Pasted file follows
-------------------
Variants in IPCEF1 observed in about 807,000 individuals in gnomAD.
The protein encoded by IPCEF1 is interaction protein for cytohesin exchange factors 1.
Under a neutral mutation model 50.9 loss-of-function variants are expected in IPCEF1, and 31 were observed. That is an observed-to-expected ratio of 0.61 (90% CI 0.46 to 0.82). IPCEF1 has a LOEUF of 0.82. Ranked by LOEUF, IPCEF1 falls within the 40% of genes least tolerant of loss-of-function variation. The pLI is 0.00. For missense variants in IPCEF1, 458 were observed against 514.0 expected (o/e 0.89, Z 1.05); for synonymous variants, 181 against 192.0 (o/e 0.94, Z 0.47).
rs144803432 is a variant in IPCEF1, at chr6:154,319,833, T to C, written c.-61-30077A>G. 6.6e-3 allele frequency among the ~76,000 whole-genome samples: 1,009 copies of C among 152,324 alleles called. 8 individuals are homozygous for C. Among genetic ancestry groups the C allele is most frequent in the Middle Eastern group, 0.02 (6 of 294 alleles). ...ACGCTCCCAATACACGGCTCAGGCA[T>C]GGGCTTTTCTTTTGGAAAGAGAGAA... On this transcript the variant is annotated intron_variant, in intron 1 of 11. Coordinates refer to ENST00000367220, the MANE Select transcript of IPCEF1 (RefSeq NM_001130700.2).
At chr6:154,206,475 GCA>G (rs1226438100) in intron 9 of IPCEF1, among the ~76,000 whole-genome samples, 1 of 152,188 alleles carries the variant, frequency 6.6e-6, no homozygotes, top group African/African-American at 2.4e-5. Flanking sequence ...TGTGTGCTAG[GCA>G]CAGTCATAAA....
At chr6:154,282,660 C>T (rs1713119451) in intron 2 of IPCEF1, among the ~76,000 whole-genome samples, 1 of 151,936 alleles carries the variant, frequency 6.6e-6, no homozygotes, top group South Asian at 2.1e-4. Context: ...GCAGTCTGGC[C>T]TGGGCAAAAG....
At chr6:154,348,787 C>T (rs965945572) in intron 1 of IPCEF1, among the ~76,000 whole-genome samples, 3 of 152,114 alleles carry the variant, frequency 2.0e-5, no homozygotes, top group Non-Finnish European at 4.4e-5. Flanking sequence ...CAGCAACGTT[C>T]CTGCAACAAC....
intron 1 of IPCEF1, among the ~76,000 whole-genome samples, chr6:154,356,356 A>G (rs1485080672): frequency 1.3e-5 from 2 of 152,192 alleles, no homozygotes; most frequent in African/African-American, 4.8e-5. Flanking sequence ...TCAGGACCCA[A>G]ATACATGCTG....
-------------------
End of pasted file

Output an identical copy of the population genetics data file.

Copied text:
Variants in IPCEF1 observed in about 807,000 individuals in gnomAD.
The protein encoded by IPCEF1 is interaction protein for cytohesin exchange factors 1.
Under a neutral mutation model 50.9 loss-of-function variants are expected in IPCEF1, and 31 were observed. That is an observed-to-expected ratio of 0.61 (90% CI 0.46 to 0.82). IPCEF1 has a LOEUF of 0.82. Ranked by LOEUF, IPCEF1 falls within the 40% of genes least tolerant of loss-of-function variation. The pLI is 0.00. For missense variants in IPCEF1, 458 were observed against 514.0 expected (o/e 0.89, Z 1.05); for synonymous variants, 181 against 192.0 (o/e 0.94, Z 0.47).
rs144803432 is a variant in IPCEF1, at chr6:154,319,833, T to C, written c.-61-30077A>G. 6.6e-3 allele frequency among the ~76,000 whole-genome samples: 1,009 copies of C among 152,324 alleles called. 8 individuals are homozygous for C. Among genetic ancestry groups the C allele is most frequent in the Middle Eastern group, 0.02 (6 of 294 alleles). ...ACGCTCCCAATACACGGCTCAGGCA[T>C]GGGCTTTTCTTTTGGAAAGAGAGAA... On this transcript the variant is annotated intron_variant, in intron 1 of 11. Coordinates refer to ENST00000367220, the MANE Select transcript of IPCEF1 (RefSeq NM_001130700.2).
At chr6:154,206,475 GCA>G (rs1226438100) in intron 9 of IPCEF1, among the ~76,000 whole-genome samples, 1 of 152,188 alleles carries the variant, frequency 6.6e-6, no homozygotes, top group African/African-American at 2.4e-5. Flanking sequence ...TGTGTGCTAG[GCA>G]CAGTCATAAA....
At chr6:154,282,660 C>T (rs1713119451) in intron 2 of IPCEF1, among the ~76,000 whole-genome samples, 1 of 151,936 alleles carries the variant, frequency 6.6e-6, no homozygotes, top group South Asian at 2.1e-4. Context: ...GCAGTCTGGC[C>T]TGGGCAAAAG....
At chr6:154,348,787 C>T (rs965945572) in intron 1 of IPCEF1, among the ~76,000 whole-genome samples, 3 of 152,114 alleles carry the variant, frequency 2.0e-5, no homozygotes, top group Non-Finnish European at 4.4e-5. Flanking sequence ...CAGCAACGTT[C>T]CTGCAACAAC....
intron 1 of IPCEF1, among the ~76,000 whole-genome samples, chr6:154,356,356 A>G (rs1485080672): frequency 1.3e-5 from 2 of 152,192 alleles, no homozygotes; most frequent in African/African-American, 4.8e-5. Flanking sequence ...TCAGGACCCA[A>G]ATACATGCTG....